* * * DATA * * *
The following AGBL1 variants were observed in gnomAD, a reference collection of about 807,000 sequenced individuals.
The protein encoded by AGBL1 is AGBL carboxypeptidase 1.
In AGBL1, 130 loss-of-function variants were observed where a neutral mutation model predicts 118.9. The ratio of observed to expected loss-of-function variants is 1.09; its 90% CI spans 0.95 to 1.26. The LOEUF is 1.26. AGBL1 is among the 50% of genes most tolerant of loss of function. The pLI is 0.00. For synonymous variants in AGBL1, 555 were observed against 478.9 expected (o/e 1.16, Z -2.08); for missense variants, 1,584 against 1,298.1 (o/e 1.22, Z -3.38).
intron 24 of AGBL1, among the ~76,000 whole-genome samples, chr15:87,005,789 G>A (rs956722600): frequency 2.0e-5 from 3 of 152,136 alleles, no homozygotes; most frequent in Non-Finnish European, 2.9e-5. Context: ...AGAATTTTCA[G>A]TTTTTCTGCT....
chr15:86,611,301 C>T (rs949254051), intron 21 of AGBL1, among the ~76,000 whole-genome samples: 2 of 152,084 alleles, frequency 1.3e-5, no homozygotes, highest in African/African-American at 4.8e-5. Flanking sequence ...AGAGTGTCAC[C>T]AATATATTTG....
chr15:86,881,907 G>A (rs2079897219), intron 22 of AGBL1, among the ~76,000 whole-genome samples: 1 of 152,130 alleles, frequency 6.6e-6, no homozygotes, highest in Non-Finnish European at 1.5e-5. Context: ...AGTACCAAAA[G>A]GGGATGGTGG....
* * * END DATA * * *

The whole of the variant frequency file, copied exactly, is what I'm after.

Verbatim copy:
The following AGBL1 variants were observed in gnomAD, a reference collection of about 807,000 sequenced individuals.
The protein encoded by AGBL1 is AGBL carboxypeptidase 1.
In AGBL1, 130 loss-of-function variants were observed where a neutral mutation model predicts 118.9. The ratio of observed to expected loss-of-function variants is 1.09; its 90% CI spans 0.95 to 1.26. The LOEUF is 1.26. AGBL1 is among the 50% of genes most tolerant of loss of function. The pLI is 0.00. For synonymous variants in AGBL1, 555 were observed against 478.9 expected (o/e 1.16, Z -2.08); for missense variants, 1,584 against 1,298.1 (o/e 1.22, Z -3.38).
intron 24 of AGBL1, among the ~76,000 whole-genome samples, chr15:87,005,789 G>A (rs956722600): frequency 2.0e-5 from 3 of 152,136 alleles, no homozygotes; most frequent in Non-Finnish European, 2.9e-5. Context: ...AGAATTTTCA[G>A]TTTTTCTGCT....
chr15:86,611,301 C>T (rs949254051), intron 21 of AGBL1, among the ~76,000 whole-genome samples: 2 of 152,084 alleles, frequency 1.3e-5, no homozygotes, highest in African/African-American at 4.8e-5. Flanking sequence ...AGAGTGTCAC[C>T]AATATATTTG....
chr15:86,881,907 G>A (rs2079897219), intron 22 of AGBL1, among the ~76,000 whole-genome samples: 1 of 152,130 alleles, frequency 6.6e-6, no homozygotes, highest in Non-Finnish European at 1.5e-5. Context: ...AGTACCAAAA[G>A]GGGATGGTGG....